That said, Tottenham found a way to control the early goings-on because Arsenal either couldn’t handle the opponent’s pressing or they were simply not creative enough to move the ball down the field without knocking it forward. Granted, Tottenham’s muddled back line could barely defend long balls without tripping or being caught napping by Arsenal’s attacking department.

“In the first half, we looked like we could score every time we crossed the halfway line.” (Wenger)

Only occasionally did Tottenham make use of a high press. Mostly, one player ran towards Petr Čech and put pressure on him, yet the coverage in midfield wasn’t tight at all. Wanyama and Dembélé struggled to get a hold of Özil and his colleagues. Arsenal, however, needed at least 20 minutes to figure out how they could effectively create triangles and expose Tottenham’s weakness on the wings.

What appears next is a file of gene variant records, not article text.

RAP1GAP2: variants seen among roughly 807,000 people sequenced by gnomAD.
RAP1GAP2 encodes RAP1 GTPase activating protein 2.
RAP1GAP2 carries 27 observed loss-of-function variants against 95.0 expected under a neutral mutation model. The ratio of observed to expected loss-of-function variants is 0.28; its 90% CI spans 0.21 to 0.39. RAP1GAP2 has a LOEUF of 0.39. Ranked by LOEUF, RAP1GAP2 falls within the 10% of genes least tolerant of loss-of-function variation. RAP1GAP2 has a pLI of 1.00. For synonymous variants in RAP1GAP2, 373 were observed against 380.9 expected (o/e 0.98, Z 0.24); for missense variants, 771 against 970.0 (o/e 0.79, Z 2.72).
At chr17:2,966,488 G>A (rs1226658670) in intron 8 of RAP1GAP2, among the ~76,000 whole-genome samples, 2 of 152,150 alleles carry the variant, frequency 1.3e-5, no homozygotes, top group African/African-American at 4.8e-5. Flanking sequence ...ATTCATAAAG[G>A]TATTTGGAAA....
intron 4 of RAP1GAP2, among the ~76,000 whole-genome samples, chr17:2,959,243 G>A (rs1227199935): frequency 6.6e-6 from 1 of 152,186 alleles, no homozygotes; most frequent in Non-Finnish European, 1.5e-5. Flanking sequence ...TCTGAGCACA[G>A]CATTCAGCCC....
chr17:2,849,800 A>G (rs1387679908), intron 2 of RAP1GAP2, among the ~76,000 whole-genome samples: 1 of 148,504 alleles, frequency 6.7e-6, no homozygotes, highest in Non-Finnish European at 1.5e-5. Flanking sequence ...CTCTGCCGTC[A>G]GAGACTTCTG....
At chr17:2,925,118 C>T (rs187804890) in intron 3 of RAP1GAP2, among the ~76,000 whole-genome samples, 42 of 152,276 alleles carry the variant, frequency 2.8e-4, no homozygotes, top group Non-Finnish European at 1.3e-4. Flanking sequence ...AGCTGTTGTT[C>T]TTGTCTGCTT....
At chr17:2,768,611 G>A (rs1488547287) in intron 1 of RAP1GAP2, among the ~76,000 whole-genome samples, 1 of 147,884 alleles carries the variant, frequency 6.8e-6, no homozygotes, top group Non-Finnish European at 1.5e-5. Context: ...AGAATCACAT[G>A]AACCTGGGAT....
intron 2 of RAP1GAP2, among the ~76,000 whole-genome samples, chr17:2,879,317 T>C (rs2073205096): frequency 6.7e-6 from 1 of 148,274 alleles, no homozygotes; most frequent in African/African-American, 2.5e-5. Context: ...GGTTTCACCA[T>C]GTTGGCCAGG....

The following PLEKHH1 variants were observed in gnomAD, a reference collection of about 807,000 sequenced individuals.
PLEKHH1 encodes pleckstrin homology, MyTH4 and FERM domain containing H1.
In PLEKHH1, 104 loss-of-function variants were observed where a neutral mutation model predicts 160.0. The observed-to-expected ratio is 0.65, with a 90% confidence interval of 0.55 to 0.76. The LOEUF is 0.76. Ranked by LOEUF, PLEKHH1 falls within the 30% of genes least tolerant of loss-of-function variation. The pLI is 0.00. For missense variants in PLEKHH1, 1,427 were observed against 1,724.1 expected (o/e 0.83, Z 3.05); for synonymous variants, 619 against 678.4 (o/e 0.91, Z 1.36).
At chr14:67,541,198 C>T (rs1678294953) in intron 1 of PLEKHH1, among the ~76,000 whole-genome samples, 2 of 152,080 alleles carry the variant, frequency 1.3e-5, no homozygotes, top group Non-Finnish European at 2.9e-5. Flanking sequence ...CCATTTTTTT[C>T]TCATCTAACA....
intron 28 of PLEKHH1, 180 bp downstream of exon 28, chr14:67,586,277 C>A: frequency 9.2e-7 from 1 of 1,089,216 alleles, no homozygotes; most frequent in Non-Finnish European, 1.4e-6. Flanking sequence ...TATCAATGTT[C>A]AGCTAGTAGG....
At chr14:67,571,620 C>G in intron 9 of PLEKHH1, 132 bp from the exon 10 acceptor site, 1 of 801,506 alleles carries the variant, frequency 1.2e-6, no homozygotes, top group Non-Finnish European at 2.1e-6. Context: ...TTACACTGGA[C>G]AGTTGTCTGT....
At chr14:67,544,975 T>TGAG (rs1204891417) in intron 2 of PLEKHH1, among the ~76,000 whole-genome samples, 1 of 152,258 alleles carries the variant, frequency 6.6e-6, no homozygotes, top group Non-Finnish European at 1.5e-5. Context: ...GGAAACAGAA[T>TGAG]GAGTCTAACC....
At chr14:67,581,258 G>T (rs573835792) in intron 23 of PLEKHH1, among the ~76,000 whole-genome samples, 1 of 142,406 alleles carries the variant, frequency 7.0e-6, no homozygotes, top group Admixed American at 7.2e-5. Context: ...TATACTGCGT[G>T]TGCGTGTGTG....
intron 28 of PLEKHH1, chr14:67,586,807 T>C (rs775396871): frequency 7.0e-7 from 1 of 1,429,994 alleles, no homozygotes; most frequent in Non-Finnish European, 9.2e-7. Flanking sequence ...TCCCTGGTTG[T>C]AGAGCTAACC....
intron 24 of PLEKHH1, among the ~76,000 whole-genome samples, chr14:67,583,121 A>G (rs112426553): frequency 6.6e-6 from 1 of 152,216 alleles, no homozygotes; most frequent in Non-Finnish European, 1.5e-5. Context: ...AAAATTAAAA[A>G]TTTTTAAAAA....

After a while, it became apparent that Pochettino’s team weren’t able to close the space between the centre and the two full-backs. Both Kyle Walker and Danny Rose stayed wide and blocked the outside lane, but therefore left open the respective other side which gave Walcott and Iwobi openings to drift inward. With Dembélé and Wanyama being tied in the middle, the half-space was the place to be for Arsenal’s winger. And if either Rose or Walker followed the ball-carrier, one of the always alert full-backs popped up in the open space at the touchline.

Ball possession without any effect